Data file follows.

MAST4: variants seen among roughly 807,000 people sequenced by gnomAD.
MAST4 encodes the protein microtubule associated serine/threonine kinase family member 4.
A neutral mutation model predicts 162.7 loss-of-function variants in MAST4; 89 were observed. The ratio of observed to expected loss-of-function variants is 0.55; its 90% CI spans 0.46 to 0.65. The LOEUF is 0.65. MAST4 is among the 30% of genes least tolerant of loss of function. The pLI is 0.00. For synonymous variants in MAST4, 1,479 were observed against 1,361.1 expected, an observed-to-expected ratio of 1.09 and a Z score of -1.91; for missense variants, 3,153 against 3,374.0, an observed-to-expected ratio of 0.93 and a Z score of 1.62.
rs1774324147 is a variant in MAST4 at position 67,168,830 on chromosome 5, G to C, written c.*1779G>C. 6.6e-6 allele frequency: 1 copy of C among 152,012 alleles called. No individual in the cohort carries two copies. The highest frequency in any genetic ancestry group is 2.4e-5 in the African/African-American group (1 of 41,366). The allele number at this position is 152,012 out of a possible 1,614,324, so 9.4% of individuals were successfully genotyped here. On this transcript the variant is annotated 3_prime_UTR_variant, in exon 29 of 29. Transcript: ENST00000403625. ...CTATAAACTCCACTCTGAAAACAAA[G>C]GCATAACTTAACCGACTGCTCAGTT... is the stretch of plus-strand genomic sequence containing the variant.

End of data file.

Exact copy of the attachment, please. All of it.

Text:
MAST4: variants seen among roughly 807,000 people sequenced by gnomAD.
MAST4 encodes the protein microtubule associated serine/threonine kinase family member 4.
A neutral mutation model predicts 162.7 loss-of-function variants in MAST4; 89 were observed. The ratio of observed to expected loss-of-function variants is 0.55; its 90% CI spans 0.46 to 0.65. The LOEUF is 0.65. MAST4 is among the 30% of genes least tolerant of loss of function. The pLI is 0.00. For synonymous variants in MAST4, 1,479 were observed against 1,361.1 expected, an observed-to-expected ratio of 1.09 and a Z score of -1.91; for missense variants, 3,153 against 3,374.0, an observed-to-expected ratio of 0.93 and a Z score of 1.62.
rs1774324147 is a variant in MAST4 at position 67,168,830 on chromosome 5, G to C, written c.*1779G>C. 6.6e-6 allele frequency: 1 copy of C among 152,012 alleles called. No individual in the cohort carries two copies. The highest frequency in any genetic ancestry group is 2.4e-5 in the African/African-American group (1 of 41,366). The allele number at this position is 152,012 out of a possible 1,614,324, so 9.4% of individuals were successfully genotyped here. On this transcript the variant is annotated 3_prime_UTR_variant, in exon 29 of 29. Transcript: ENST00000403625. ...CTATAAACTCCACTCTGAAAACAAA[G>C]GCATAACTTAACCGACTGCTCAGTT... is the stretch of plus-strand genomic sequence containing the variant.